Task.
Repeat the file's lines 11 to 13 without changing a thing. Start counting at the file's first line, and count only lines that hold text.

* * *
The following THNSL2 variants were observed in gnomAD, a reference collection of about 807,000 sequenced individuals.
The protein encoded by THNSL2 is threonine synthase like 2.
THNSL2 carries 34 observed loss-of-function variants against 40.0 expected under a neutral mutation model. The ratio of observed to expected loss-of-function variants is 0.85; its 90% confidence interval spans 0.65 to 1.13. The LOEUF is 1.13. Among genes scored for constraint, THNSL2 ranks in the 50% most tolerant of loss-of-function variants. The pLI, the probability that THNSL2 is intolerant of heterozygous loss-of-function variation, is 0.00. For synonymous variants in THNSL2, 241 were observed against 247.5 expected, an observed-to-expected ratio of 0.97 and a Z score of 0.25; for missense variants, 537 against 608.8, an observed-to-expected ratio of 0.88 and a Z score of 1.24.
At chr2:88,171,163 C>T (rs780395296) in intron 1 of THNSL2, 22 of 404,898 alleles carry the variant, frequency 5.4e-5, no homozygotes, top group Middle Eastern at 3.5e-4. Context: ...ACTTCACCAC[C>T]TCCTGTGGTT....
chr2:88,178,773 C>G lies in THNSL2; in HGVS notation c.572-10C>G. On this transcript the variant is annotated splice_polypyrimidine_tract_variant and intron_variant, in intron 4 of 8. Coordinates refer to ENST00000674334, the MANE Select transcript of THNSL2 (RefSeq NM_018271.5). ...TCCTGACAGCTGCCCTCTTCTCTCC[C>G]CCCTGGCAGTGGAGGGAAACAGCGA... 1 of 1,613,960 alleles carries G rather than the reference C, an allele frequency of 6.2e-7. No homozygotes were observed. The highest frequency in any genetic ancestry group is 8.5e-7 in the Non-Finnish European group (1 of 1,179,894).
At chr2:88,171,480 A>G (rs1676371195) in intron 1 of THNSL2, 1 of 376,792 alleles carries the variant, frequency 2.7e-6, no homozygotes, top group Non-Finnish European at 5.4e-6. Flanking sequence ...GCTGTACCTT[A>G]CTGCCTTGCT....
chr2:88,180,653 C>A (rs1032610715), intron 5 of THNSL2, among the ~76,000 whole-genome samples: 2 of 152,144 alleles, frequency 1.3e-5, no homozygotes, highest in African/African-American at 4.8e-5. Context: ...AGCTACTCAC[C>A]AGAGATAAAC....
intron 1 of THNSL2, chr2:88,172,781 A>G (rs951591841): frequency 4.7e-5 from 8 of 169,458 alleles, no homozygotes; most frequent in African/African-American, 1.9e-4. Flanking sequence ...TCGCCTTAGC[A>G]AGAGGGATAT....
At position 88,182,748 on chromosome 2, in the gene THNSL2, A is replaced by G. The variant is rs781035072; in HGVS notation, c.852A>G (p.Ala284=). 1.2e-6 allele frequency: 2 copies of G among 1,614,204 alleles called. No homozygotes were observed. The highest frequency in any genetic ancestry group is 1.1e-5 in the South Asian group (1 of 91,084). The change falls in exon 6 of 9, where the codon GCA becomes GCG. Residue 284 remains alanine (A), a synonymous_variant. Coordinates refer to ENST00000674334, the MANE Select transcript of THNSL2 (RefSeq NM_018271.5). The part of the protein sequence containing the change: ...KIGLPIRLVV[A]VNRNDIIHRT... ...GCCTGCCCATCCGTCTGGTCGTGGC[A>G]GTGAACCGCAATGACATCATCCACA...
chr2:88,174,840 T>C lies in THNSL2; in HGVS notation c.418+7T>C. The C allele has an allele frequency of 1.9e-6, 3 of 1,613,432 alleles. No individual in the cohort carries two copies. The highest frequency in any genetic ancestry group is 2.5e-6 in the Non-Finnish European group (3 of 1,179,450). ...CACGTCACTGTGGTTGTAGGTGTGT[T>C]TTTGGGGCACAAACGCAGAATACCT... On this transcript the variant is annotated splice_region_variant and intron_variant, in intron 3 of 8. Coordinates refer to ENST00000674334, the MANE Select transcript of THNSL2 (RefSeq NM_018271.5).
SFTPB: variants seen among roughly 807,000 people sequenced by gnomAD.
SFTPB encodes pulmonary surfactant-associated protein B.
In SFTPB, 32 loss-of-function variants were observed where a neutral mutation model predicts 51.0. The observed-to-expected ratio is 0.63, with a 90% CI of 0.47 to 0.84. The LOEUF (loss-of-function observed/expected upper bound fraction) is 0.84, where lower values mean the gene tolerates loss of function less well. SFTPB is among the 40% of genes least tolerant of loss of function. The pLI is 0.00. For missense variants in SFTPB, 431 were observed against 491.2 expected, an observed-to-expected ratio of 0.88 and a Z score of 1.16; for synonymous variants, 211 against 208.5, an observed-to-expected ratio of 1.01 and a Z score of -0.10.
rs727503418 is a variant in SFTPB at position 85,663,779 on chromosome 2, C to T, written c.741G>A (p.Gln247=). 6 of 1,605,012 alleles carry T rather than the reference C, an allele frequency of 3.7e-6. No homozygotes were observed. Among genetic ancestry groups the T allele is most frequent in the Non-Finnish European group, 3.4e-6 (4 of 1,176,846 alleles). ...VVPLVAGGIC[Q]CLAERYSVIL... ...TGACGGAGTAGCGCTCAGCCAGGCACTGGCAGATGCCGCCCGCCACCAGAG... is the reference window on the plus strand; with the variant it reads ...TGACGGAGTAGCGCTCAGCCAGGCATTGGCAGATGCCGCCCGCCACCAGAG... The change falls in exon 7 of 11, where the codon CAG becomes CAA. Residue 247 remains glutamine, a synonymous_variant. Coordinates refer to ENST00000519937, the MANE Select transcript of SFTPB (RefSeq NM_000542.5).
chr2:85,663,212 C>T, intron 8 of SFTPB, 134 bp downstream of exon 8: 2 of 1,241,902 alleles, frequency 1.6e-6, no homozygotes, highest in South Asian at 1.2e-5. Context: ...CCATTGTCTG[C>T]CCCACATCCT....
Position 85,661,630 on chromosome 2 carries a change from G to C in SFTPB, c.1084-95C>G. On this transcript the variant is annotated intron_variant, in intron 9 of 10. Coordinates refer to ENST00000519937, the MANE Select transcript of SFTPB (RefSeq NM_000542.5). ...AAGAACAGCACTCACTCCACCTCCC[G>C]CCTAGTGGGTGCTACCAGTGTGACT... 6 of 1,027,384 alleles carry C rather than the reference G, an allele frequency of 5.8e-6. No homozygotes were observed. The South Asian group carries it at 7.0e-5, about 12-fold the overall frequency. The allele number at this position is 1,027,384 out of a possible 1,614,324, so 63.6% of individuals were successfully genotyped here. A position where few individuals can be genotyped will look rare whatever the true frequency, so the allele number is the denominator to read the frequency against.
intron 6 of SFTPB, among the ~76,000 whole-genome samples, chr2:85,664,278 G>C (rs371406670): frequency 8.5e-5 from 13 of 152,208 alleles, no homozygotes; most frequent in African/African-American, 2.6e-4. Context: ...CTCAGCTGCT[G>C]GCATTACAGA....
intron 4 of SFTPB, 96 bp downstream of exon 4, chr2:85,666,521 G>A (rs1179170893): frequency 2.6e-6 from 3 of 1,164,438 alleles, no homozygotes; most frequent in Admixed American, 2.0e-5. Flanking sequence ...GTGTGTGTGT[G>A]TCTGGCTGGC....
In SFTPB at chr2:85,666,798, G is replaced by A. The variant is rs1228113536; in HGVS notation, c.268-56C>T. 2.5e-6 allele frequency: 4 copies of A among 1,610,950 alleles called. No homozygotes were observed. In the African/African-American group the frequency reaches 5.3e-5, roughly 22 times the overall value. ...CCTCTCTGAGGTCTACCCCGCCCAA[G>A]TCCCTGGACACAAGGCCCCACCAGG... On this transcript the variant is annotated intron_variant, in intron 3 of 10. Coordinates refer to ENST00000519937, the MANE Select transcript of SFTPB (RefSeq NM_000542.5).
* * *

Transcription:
SFTPB: variants seen among roughly 807,000 people sequenced by gnomAD.
SFTPB encodes pulmonary surfactant-associated protein B.
In SFTPB, 32 loss-of-function variants were observed where a neutral mutation model predicts 51.0. The observed-to-expected ratio is 0.63, with a 90% CI of 0.47 to 0.84. The LOEUF (loss-of-function observed/expected upper bound fraction) is 0.84, where lower values mean the gene tolerates loss of function less well. SFTPB is among the 40% of genes least tolerant of loss of function. The pLI is 0.00. For missense variants in SFTPB, 431 were observed against 491.2 expected, an observed-to-expected ratio of 0.88 and a Z score of 1.16; for synonymous variants, 211 against 208.5, an observed-to-expected ratio of 1.01 and a Z score of -0.10.